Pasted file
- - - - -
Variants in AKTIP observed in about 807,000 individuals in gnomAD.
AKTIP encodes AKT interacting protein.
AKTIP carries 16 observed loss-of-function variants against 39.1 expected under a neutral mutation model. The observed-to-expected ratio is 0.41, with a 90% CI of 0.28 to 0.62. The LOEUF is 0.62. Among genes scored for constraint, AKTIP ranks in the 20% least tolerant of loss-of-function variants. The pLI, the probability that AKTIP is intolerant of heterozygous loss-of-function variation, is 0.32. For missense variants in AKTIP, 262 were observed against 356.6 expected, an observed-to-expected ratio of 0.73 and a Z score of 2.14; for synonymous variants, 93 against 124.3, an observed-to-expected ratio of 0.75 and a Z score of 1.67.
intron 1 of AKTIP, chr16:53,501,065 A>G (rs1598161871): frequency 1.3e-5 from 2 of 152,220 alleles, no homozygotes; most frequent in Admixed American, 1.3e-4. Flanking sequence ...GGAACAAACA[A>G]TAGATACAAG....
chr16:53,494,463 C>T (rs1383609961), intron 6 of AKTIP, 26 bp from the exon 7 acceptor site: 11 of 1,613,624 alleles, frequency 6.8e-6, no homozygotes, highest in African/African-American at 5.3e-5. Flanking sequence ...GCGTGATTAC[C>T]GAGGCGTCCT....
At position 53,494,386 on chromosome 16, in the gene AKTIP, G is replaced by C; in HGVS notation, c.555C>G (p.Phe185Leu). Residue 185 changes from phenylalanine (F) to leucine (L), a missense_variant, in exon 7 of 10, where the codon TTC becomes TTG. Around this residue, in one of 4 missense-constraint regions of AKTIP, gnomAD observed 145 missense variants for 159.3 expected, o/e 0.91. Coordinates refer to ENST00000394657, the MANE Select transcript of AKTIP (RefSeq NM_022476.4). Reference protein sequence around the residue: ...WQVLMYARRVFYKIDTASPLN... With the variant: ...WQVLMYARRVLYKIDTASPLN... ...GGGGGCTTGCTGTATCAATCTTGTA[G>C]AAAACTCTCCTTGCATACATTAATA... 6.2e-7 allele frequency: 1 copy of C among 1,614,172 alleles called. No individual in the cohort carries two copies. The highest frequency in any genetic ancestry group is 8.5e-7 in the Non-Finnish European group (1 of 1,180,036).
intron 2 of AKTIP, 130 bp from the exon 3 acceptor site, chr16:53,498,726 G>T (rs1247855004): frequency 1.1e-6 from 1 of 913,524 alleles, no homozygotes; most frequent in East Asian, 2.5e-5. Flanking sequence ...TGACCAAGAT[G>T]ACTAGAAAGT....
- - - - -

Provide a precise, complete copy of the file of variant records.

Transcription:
Variants in AKTIP observed in about 807,000 individuals in gnomAD.
AKTIP encodes AKT interacting protein.
AKTIP carries 16 observed loss-of-function variants against 39.1 expected under a neutral mutation model. The observed-to-expected ratio is 0.41, with a 90% CI of 0.28 to 0.62. The LOEUF is 0.62. Among genes scored for constraint, AKTIP ranks in the 20% least tolerant of loss-of-function variants. The pLI, the probability that AKTIP is intolerant of heterozygous loss-of-function variation, is 0.32. For missense variants in AKTIP, 262 were observed against 356.6 expected, an observed-to-expected ratio of 0.73 and a Z score of 2.14; for synonymous variants, 93 against 124.3, an observed-to-expected ratio of 0.75 and a Z score of 1.67.
intron 1 of AKTIP, chr16:53,501,065 A>G (rs1598161871): frequency 1.3e-5 from 2 of 152,220 alleles, no homozygotes; most frequent in Admixed American, 1.3e-4. Flanking sequence ...GGAACAAACA[A>G]TAGATACAAG....
chr16:53,494,463 C>T (rs1383609961), intron 6 of AKTIP, 26 bp from the exon 7 acceptor site: 11 of 1,613,624 alleles, frequency 6.8e-6, no homozygotes, highest in African/African-American at 5.3e-5. Flanking sequence ...GCGTGATTAC[C>T]GAGGCGTCCT....
At position 53,494,386 on chromosome 16, in the gene AKTIP, G is replaced by C; in HGVS notation, c.555C>G (p.Phe185Leu). Residue 185 changes from phenylalanine (F) to leucine (L), a missense_variant, in exon 7 of 10, where the codon TTC becomes TTG. Around this residue, in one of 4 missense-constraint regions of AKTIP, gnomAD observed 145 missense variants for 159.3 expected, o/e 0.91. Coordinates refer to ENST00000394657, the MANE Select transcript of AKTIP (RefSeq NM_022476.4). Reference protein sequence around the residue: ...WQVLMYARRVFYKIDTASPLN... With the variant: ...WQVLMYARRVLYKIDTASPLN... ...GGGGGCTTGCTGTATCAATCTTGTA[G>C]AAAACTCTCCTTGCATACATTAATA... 6.2e-7 allele frequency: 1 copy of C among 1,614,172 alleles called. No individual in the cohort carries two copies. The highest frequency in any genetic ancestry group is 8.5e-7 in the Non-Finnish European group (1 of 1,180,036).
intron 2 of AKTIP, 130 bp from the exon 3 acceptor site, chr16:53,498,726 G>T (rs1247855004): frequency 1.1e-6 from 1 of 913,524 alleles, no homozygotes; most frequent in East Asian, 2.5e-5. Flanking sequence ...TGACCAAGAT[G>T]ACTAGAAAGT....